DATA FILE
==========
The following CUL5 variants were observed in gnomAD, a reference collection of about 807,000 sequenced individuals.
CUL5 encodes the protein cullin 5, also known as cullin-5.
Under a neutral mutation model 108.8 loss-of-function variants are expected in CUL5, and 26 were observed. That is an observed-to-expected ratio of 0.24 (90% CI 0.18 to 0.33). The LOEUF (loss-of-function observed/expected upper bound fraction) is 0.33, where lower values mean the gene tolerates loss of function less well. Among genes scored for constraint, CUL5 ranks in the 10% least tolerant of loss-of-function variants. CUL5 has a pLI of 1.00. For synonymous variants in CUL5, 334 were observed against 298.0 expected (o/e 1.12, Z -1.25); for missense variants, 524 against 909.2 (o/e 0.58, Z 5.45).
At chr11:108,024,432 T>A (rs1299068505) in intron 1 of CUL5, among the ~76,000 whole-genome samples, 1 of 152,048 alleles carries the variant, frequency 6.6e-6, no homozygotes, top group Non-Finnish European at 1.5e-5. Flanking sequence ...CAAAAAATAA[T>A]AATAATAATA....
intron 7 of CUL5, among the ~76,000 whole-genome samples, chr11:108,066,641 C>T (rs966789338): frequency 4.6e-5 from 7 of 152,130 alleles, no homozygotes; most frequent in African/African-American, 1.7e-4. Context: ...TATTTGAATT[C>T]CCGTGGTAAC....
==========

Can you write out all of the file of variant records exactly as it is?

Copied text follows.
The following CUL5 variants were observed in gnomAD, a reference collection of about 807,000 sequenced individuals.
CUL5 encodes the protein cullin 5, also known as cullin-5.
Under a neutral mutation model 108.8 loss-of-function variants are expected in CUL5, and 26 were observed. That is an observed-to-expected ratio of 0.24 (90% CI 0.18 to 0.33). The LOEUF (loss-of-function observed/expected upper bound fraction) is 0.33, where lower values mean the gene tolerates loss of function less well. Among genes scored for constraint, CUL5 ranks in the 10% least tolerant of loss-of-function variants. CUL5 has a pLI of 1.00. For synonymous variants in CUL5, 334 were observed against 298.0 expected (o/e 1.12, Z -1.25); for missense variants, 524 against 909.2 (o/e 0.58, Z 5.45).
At chr11:108,024,432 T>A (rs1299068505) in intron 1 of CUL5, among the ~76,000 whole-genome samples, 1 of 152,048 alleles carries the variant, frequency 6.6e-6, no homozygotes, top group Non-Finnish European at 1.5e-5. Flanking sequence ...CAAAAAATAA[T>A]AATAATAATA....
intron 7 of CUL5, among the ~76,000 whole-genome samples, chr11:108,066,641 C>T (rs966789338): frequency 4.6e-5 from 7 of 152,130 alleles, no homozygotes; most frequent in African/African-American, 1.7e-4. Context: ...TATTTGAATT[C>T]CCGTGGTAAC....